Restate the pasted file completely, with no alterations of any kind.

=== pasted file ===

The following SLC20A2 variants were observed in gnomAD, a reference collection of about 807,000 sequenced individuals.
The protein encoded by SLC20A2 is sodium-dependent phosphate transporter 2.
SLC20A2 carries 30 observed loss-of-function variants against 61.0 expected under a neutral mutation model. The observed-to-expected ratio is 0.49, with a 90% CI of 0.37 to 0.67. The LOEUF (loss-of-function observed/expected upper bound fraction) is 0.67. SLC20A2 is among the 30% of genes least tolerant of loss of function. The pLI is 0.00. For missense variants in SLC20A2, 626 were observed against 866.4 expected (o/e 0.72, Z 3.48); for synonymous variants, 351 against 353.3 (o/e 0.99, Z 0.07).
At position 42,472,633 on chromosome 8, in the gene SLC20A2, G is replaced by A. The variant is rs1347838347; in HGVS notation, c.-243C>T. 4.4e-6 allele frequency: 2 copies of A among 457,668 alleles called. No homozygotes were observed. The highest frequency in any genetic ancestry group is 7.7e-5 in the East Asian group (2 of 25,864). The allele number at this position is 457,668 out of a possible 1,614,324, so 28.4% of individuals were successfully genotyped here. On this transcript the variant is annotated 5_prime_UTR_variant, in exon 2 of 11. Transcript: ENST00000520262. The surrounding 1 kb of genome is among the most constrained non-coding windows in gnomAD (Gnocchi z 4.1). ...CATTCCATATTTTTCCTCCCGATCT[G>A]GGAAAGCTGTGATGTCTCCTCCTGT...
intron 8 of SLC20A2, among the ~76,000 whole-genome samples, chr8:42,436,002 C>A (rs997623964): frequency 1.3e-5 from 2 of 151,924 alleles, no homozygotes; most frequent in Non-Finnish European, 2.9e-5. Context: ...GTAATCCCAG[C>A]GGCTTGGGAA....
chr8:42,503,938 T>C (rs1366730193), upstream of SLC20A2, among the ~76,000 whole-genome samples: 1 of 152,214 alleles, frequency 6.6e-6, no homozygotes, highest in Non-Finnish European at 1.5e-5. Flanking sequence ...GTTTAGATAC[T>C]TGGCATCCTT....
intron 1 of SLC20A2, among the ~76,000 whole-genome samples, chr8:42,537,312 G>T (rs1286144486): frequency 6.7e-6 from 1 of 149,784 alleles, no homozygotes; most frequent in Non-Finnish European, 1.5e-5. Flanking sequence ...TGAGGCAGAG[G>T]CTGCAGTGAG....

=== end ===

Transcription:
The following SLC20A2 variants were observed in gnomAD, a reference collection of about 807,000 sequenced individuals.
The protein encoded by SLC20A2 is sodium-dependent phosphate transporter 2.
SLC20A2 carries 30 observed loss-of-function variants against 61.0 expected under a neutral mutation model. The observed-to-expected ratio is 0.49, with a 90% CI of 0.37 to 0.67. The LOEUF (loss-of-function observed/expected upper bound fraction) is 0.67. SLC20A2 is among the 30% of genes least tolerant of loss of function. The pLI is 0.00. For missense variants in SLC20A2, 626 were observed against 866.4 expected (o/e 0.72, Z 3.48); for synonymous variants, 351 against 353.3 (o/e 0.99, Z 0.07).
At position 42,472,633 on chromosome 8, in the gene SLC20A2, G is replaced by A. The variant is rs1347838347; in HGVS notation, c.-243C>T. 4.4e-6 allele frequency: 2 copies of A among 457,668 alleles called. No homozygotes were observed. The highest frequency in any genetic ancestry group is 7.7e-5 in the East Asian group (2 of 25,864). The allele number at this position is 457,668 out of a possible 1,614,324, so 28.4% of individuals were successfully genotyped here. On this transcript the variant is annotated 5_prime_UTR_variant, in exon 2 of 11. Transcript: ENST00000520262. The surrounding 1 kb of genome is among the most constrained non-coding windows in gnomAD (Gnocchi z 4.1). ...CATTCCATATTTTTCCTCCCGATCT[G>A]GGAAAGCTGTGATGTCTCCTCCTGT...
intron 8 of SLC20A2, among the ~76,000 whole-genome samples, chr8:42,436,002 C>A (rs997623964): frequency 1.3e-5 from 2 of 151,924 alleles, no homozygotes; most frequent in Non-Finnish European, 2.9e-5. Context: ...GTAATCCCAG[C>A]GGCTTGGGAA....
chr8:42,503,938 T>C (rs1366730193), upstream of SLC20A2, among the ~76,000 whole-genome samples: 1 of 152,214 alleles, frequency 6.6e-6, no homozygotes, highest in Non-Finnish European at 1.5e-5. Flanking sequence ...GTTTAGATAC[T>C]TGGCATCCTT....
intron 1 of SLC20A2, among the ~76,000 whole-genome samples, chr8:42,537,312 G>T (rs1286144486): frequency 6.7e-6 from 1 of 149,784 alleles, no homozygotes; most frequent in Non-Finnish European, 1.5e-5. Flanking sequence ...TGAGGCAGAG[G>T]CTGCAGTGAG....